Scott Burnside and Pierre LeBrun are back to debate your hot topics. Today, they tackle Sidney Crosby's recent comments about David Steckel and the Rangers' decision to send down Michael Del Zotto.
Burnside: Good day, my friend. A lot of interesting buzz around the NHL today. Let's start with a story you reported late Tuesday on the league's decision not to act on the collision between Pittsburgh captain Sidney Crosby and Washington's David Steckel in the Winter Classic.
Hard to tell from the various camera angles whether Steckel even saw Crosby as he turned to go up the ice, but the bottom line is, he did hit Crosby in the head with his shoulder when Crosby wasn't looking. I thought that was the whole point of the blindside rule being introduced. I'm not saying Steckel should have been suspended, but why wasn't he given a fine to reinforce that these are things players have to be vigilant about? Of course, the incident has reinforced in some quarters that Crosby likes to complain too much. Thoughts?
LeBrun: I chatted with a league source Tuesday who said they looked at it but thought, in the end, it was incidental contact, so no fine or suspension for Steckel. In fact, the league didn't even phone the Caps. When the hit happened, my immediate reaction was it was bad and Steckel should at least be fined. The more I viewed the tape, the more I thought it was a simple collision, even if it does look bad.
As for Crosby, he was asked about the hit by local media Monday after finally watching the replays. Should he have said simply "No comment"? He was asked a question, and he answered it. Maybe he should have just said he didn't think the hit was bad and keep his true inner feelings to himself. But this is a player who has been bombarded by the media since age 14, when he was a young phenom in Canada. He answered honestly, and that's fine with me.
Burnside: Well, he's certainly not the first guy to complain about what he believed was a dirty hit. I recall the Rangers complaining about an alleged Crosby slew foot earlier this season for which there was no punitive action.
Speaking of the boys from Gotham, the Rangers made an interesting move this week, sending Michael Del Zotto to the Rangers' farm team in Hartford. Del Zotto burst onto the scene as a rookie, collecting 37 points last season, but was a minus-20. This season, he seemed to lose his way with the hard-working Rangers. He had been a healthy scratch before being sent down. (He had just nine points.) Some Rangers fans are up in arms over the demotion, but the youngster who will replace him (Ryan McDonagh) is a pretty good prospect. (He was part of the Scott Gomez deal.) Do you see Del Zotto coming back any time soon?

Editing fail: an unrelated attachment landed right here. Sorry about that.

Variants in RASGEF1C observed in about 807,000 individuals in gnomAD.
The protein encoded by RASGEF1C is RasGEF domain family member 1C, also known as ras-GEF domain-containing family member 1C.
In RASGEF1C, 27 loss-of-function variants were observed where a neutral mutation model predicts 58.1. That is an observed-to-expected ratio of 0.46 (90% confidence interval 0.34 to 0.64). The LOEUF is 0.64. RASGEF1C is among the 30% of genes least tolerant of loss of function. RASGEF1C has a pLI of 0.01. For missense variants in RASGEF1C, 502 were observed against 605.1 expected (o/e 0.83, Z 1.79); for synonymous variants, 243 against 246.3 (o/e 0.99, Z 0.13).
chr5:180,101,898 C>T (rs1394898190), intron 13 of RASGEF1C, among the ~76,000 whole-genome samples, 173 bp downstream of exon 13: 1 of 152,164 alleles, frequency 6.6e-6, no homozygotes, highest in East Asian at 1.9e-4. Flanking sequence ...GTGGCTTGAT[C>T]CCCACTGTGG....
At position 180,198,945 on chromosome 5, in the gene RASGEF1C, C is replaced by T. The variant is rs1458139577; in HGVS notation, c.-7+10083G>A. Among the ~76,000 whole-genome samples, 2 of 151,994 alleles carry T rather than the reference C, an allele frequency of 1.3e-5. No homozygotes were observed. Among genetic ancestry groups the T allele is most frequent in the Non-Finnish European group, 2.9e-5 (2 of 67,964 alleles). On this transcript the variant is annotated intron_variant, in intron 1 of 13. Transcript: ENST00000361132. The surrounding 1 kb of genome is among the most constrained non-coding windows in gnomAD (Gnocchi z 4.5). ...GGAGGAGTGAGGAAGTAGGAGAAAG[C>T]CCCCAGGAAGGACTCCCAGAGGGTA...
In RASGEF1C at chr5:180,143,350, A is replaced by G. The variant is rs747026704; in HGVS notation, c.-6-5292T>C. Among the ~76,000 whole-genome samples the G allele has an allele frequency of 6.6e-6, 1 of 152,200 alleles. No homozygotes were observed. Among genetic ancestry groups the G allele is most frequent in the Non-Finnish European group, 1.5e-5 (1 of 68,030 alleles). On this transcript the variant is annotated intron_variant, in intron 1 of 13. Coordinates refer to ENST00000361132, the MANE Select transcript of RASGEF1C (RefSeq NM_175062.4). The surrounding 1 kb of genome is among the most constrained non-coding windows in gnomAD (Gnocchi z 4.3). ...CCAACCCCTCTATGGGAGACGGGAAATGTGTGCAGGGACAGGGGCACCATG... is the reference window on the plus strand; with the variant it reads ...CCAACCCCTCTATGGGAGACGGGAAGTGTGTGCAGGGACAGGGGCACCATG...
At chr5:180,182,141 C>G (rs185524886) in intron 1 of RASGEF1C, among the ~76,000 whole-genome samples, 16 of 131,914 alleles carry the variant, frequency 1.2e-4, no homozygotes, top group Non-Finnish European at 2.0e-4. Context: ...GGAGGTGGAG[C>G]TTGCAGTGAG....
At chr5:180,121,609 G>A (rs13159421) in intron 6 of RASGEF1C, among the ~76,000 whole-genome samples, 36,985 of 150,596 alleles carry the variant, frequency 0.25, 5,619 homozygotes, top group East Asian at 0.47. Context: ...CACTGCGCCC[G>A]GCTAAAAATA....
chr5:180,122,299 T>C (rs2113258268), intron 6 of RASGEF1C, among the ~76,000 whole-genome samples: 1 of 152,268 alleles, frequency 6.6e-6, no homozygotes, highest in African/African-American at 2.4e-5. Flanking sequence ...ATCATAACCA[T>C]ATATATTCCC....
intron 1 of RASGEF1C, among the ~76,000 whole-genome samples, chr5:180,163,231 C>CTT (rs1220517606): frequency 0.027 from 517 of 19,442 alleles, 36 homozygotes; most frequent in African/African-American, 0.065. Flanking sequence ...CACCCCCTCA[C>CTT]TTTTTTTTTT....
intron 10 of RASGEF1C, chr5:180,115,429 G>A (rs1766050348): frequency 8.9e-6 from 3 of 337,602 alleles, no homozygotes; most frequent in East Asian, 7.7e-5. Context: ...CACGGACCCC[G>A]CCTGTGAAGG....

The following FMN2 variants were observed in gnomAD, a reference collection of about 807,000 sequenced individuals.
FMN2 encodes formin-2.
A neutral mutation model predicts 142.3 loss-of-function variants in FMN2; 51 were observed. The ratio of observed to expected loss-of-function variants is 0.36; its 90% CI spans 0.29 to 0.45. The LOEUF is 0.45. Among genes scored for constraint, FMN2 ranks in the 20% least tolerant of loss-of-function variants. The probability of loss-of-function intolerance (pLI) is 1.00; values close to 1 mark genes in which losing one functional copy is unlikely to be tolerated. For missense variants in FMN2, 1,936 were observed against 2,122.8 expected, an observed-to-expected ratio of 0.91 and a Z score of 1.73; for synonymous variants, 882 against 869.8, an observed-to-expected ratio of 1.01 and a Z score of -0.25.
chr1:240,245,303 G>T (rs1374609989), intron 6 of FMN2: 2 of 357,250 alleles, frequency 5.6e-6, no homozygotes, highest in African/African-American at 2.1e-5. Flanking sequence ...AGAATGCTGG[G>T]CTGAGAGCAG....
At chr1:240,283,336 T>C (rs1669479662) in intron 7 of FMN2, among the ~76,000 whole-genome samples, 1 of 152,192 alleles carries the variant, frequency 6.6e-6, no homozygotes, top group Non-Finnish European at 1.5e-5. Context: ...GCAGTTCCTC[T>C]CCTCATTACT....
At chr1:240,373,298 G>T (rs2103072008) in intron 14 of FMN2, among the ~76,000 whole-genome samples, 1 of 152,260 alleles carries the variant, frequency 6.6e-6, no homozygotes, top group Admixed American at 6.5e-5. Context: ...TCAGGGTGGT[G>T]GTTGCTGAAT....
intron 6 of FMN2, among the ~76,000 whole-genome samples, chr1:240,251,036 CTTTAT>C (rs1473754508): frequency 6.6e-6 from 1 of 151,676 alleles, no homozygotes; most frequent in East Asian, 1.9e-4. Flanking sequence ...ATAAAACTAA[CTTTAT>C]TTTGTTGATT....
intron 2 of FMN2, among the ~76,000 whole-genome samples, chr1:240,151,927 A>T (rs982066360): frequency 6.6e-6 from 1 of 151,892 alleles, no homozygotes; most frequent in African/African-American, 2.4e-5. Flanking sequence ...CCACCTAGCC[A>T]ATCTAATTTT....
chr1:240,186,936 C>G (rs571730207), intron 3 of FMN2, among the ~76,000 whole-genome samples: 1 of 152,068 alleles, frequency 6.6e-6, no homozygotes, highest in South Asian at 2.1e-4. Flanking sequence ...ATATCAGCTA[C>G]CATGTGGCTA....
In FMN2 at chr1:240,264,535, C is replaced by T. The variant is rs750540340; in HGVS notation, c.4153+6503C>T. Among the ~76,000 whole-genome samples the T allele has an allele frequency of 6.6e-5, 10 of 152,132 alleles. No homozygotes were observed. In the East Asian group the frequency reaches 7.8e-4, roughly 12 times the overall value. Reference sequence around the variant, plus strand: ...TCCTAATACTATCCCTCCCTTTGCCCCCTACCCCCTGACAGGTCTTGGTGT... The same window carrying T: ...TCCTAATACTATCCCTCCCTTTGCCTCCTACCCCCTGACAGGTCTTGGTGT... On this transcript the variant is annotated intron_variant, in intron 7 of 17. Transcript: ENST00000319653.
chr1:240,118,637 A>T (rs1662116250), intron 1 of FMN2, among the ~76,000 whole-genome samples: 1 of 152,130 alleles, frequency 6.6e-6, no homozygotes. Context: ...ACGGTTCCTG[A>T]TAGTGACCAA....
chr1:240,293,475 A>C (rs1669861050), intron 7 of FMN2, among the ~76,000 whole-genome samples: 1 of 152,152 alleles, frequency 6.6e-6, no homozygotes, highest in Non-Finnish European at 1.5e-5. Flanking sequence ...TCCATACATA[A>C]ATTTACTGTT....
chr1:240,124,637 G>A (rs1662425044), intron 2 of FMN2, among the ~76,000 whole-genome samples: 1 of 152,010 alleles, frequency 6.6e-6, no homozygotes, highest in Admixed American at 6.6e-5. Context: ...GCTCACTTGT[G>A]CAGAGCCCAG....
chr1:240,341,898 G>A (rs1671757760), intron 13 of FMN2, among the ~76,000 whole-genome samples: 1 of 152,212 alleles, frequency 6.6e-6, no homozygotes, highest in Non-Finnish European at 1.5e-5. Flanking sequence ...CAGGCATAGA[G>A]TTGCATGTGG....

LeBrun: Del Zotto hadn't played in the four previous Rangers games before being sent down Monday. The Rangers want him to get his confidence back. I'm told he definitely should be back up with the big club at some point. He just needs to let it come to him and not force it; he just wasn't playing with confidence. As for McDonagh, his promotion was noted by Habs fans in cyberspace. That trade looks worse and worse every day. Mind you, I'm told McDonagh won't play Wednesday night, as coach John Tortorella sticks with Matt Gilroy as his sixth defenseman.
Burnside: Gilroy is yet another homegrown talent who has evolved into an option for the Rangers. After being known as a team that couldn't draft or develop players, GM Glen Sather and his staff have quietly produced a hardworking team that is seemingly building itself into a solid playoff club. Shocking. It will be interesting to see if Gilroy, who spent some time in the minors last season looking to improve his overall game, can stick with Tortorella's crew this time around. If not, watch for McDonagh to join the Rangers' youthful blue line in the coming days. Regardless, it's something that bodes well for this team, no?
LeBrun: The Rangers' average age actually went up with McDonagh's call-up -- that's how youthful this team's core is, and it's nice to see. After years of trying band-aid solutions via free agency, the Rangers are doing it the right way. They still need to reach outside, however, for a bona fide No. 1 center. Those players don't grow on trees.
Come July 1, you can bet they'll be among those vying for Brad Richards if he hasn't signed an extension with Dallas. And the Rangers will be high on Richards' list in part because of the old Tampa Bay /Torts connections. But that's for down the road. Right now, the Rangers are a fun team to watch, as blue-collar as I've seen them in years. Tortorella deserves Jack Adams Award consideration, in my opinion. Until tomorrow, my friend.